Municipal water and sanitation services eThekwini Water and Sanitation (EWS) says construction of the Northern Aqueduct Augmentation, which forms part of the eThekwini strategic master plan to deal with the increasing demand for water in the northern regions of Durban, in KwaZulu-Natal, is still on track to be completed in 2017.
Meanwhile, awarding the tender for the construction of the Blackburn reservoir, which is essential for further development in the Cornubia integrated development, north of Durban, is imminent, EWS head Neil Macleod says.
The Northern Aqueduct Augmentation project comprises four phases. The first phase, which started in March, will consist of 18-m-long steel pipes, ranging from 1 200 mm to 700 mm in diameter. The pipes will link the existing reservoirs in Phoenix to the existing reservoirs, in Umhlanga and Waterloo, with a feed to the new Blackburn reservoir. The phase comprises 22 km of pipeline and is valued at R150-million and is scheduled for completion in the third quarter of 2015.
The first Phase also includes a 1 200 mm diameter steel pipeline from Duffs Road to Phoenix reservoir, a distance of 6 km valued at R 90 million.
The second phase from Durban Heights Reservoir to Duffs Road is a 1 200 mm steel pipeline over an approximate distance of 15 km. Construction of Phase 2 is programmed to start in the fourth quarter of 2015.
Phase 3 will involve the construction of the 1 200-mm-diameter pipeline between the town of Emachobeni and the Phoenix 2 reservoir, and will close the link between the current Western Aqueduct pipeline project and the northern-most portions of the eThekwini water supply network. Construction of Phase 3 is programmed to start in the fourth quarter of 2015.
Phase 4 will comprise pipe construction from the town of Ntuzuma to the town of Ogunjini. This entails the laying of 600-mm- and 300-mm-diameter pipes that amounts to 22 km of pipeline, the construction of a ten-million-litre capacity reservoir and a booster pumpstation, all of which are in the Ntanda region. Construction of this phase is programmed to start in the third quarter of 2015.
Meeting Current Demand
The existing Northern Aqueduct and the network of bulk supply lines serve the EWS area of supply to the north of the Umgeni river, to the south of the Ohlanga river and to the east of Ntuzuma.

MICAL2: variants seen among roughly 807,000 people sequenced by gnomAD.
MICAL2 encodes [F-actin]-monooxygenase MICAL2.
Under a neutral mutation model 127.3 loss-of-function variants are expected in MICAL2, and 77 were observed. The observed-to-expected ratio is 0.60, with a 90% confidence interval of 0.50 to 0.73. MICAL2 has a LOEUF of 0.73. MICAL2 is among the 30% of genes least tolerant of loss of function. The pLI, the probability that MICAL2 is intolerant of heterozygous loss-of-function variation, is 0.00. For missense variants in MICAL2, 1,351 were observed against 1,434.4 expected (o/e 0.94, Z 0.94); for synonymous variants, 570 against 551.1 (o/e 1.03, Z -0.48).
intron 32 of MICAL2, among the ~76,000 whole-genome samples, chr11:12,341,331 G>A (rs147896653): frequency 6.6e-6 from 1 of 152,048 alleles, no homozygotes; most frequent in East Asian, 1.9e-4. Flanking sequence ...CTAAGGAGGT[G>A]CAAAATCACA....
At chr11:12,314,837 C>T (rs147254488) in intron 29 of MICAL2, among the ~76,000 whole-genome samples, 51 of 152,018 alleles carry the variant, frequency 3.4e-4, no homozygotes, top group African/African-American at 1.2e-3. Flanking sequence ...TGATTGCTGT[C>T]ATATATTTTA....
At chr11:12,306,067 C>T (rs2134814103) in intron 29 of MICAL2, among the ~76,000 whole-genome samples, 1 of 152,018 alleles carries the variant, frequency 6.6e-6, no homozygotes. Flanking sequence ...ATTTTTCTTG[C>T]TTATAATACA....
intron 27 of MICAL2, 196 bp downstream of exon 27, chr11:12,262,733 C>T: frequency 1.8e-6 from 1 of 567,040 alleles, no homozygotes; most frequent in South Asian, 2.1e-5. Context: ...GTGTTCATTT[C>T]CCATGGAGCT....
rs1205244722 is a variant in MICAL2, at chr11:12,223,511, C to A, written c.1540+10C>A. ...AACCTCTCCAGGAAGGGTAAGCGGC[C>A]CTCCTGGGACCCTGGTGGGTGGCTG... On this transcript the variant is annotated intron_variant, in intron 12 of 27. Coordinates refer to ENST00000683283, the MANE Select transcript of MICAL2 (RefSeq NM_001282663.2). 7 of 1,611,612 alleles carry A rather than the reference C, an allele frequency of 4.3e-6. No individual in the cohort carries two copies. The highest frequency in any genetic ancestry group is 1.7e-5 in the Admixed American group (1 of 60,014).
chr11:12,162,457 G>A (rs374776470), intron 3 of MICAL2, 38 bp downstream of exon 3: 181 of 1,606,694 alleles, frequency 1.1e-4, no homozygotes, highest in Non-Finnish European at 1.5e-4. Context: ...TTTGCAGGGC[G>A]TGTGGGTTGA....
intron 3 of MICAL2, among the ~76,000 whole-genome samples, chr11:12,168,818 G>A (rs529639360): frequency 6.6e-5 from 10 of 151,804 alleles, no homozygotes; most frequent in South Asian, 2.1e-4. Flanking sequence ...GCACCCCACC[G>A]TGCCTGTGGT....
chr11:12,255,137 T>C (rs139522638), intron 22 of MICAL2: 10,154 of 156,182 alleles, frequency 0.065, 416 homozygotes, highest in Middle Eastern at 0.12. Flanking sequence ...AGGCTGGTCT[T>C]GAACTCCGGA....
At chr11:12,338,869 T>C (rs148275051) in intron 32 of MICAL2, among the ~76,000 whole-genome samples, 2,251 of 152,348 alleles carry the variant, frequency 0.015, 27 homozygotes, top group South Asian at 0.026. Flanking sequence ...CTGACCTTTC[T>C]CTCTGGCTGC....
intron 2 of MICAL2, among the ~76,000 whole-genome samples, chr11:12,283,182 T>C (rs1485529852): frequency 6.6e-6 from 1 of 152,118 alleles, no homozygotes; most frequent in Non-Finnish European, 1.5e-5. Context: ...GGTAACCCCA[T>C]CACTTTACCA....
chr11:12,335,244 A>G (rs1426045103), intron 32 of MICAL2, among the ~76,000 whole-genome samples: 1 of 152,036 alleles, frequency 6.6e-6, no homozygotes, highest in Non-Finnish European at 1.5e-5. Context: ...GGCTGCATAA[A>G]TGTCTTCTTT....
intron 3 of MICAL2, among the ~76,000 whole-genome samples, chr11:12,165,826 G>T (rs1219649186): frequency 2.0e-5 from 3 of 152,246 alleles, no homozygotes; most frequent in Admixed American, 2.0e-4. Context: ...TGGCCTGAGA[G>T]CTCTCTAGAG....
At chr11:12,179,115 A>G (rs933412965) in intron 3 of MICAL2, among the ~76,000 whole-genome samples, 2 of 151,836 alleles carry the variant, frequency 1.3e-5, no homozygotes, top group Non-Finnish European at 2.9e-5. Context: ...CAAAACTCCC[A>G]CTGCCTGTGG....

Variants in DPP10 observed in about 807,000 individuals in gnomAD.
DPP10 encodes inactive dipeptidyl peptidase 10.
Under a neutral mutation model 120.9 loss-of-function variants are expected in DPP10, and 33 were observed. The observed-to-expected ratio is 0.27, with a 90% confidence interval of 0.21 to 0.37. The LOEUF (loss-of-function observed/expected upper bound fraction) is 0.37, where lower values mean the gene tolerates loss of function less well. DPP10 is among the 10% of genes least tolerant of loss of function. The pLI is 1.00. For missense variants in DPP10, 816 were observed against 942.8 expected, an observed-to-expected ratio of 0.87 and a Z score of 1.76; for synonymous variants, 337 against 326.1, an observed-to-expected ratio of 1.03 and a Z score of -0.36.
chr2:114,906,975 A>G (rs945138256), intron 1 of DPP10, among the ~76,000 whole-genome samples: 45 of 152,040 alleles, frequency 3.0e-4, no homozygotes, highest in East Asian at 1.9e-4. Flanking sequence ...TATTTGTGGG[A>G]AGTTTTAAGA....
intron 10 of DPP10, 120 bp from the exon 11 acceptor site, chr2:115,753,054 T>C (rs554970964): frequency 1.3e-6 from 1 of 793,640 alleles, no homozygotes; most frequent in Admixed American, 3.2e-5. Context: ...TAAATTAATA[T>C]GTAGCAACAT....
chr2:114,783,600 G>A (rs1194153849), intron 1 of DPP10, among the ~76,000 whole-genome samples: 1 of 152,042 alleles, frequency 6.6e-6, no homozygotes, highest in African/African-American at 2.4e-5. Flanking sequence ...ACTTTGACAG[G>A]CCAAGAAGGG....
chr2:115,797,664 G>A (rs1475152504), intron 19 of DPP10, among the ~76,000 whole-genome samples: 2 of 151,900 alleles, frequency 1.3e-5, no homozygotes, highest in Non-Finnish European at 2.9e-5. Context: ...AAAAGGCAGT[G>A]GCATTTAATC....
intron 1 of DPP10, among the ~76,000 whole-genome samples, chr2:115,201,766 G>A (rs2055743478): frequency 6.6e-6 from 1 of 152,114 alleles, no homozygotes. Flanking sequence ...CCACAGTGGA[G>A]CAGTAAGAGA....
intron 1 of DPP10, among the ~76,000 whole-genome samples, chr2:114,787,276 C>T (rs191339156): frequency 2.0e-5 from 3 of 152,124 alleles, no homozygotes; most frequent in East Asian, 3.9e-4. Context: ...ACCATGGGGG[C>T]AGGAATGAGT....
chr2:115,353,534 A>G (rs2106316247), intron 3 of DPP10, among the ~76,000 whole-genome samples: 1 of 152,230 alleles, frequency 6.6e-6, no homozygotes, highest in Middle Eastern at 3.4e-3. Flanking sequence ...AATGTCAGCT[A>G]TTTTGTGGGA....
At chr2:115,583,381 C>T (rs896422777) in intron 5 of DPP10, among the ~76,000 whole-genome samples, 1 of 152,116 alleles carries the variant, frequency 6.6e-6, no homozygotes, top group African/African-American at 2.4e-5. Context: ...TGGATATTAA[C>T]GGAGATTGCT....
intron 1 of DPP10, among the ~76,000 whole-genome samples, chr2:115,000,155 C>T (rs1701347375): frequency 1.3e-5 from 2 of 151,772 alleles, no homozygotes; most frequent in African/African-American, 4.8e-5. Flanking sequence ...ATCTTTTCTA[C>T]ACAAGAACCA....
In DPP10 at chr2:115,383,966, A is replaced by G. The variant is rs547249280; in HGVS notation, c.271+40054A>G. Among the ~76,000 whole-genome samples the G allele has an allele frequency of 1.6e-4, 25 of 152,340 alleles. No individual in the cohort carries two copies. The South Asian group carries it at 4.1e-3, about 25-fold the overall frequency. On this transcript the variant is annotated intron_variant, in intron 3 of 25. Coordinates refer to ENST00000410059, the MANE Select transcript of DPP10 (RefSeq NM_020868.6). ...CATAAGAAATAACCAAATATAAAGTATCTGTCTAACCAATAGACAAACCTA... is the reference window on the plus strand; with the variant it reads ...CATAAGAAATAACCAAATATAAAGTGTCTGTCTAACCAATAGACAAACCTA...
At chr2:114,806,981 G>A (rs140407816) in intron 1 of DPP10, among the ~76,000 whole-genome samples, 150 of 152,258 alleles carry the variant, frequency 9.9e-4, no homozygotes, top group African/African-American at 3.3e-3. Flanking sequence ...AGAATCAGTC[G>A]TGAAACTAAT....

The aqueduct conveys potable water from Durban Heights Waterworks to several terminal reservoirs in the system. These, in turn, supply water to residents and businesses, according to the EWS.
However, the current Northern Aqueduct has reached capacity on various sections of the trunk mains, owing to growth in demand, Macleod points out.
“Although EWS has enough water to meet the current demand, it does not have the infrastructure or network capacity to deliver the water to where it is needed,” Macleod says, adding that water shortages could potentially delay further development at the Dube TradePort and Cornubia developments, both north of Durban.
“Therefore, this project will begin to put urgently needed bulk water infrastructure in place for the rapidly developing northern areas of Durban.”
Cornubia is regarded as Durban and KwaZulu-Natal’s largest sustainable integrated human settlement initiative, according to the Human Settlements Infrastructure Committee.
Once completed, Cornubia will be a 1 300 ha, multibillion-rand development that will incorporate industrial, commercial, residential and open-space use, the report indicates.
Although the Northern Aqueduct and Durban’s largest pipeline project, the Western Aqueduct project, estimated for completion in 2017, are expected to meet demand for the next 30 years, Macleod notes that an additional source of water will have to be found to inject additional water into this bulk distribution network.
“With the democratisation of South Africa, the operational area of eThekwini municipality increased dramatically and the population growth rate remains well above the national average,” he says.
Durban currently has sufficient water to meet demand, as high rainfall and the recent completion of the Springrove dam, near Mooi river, have ensured short-term supply. Macleod notes, however, that the supply position will return to a deficit situation in 2015.
“To meet the expected growth in water demand, several capital projects are being considered, such as desalination, reusing treated effluent and constructing a new dam on the Umkomazi river,” he concludes.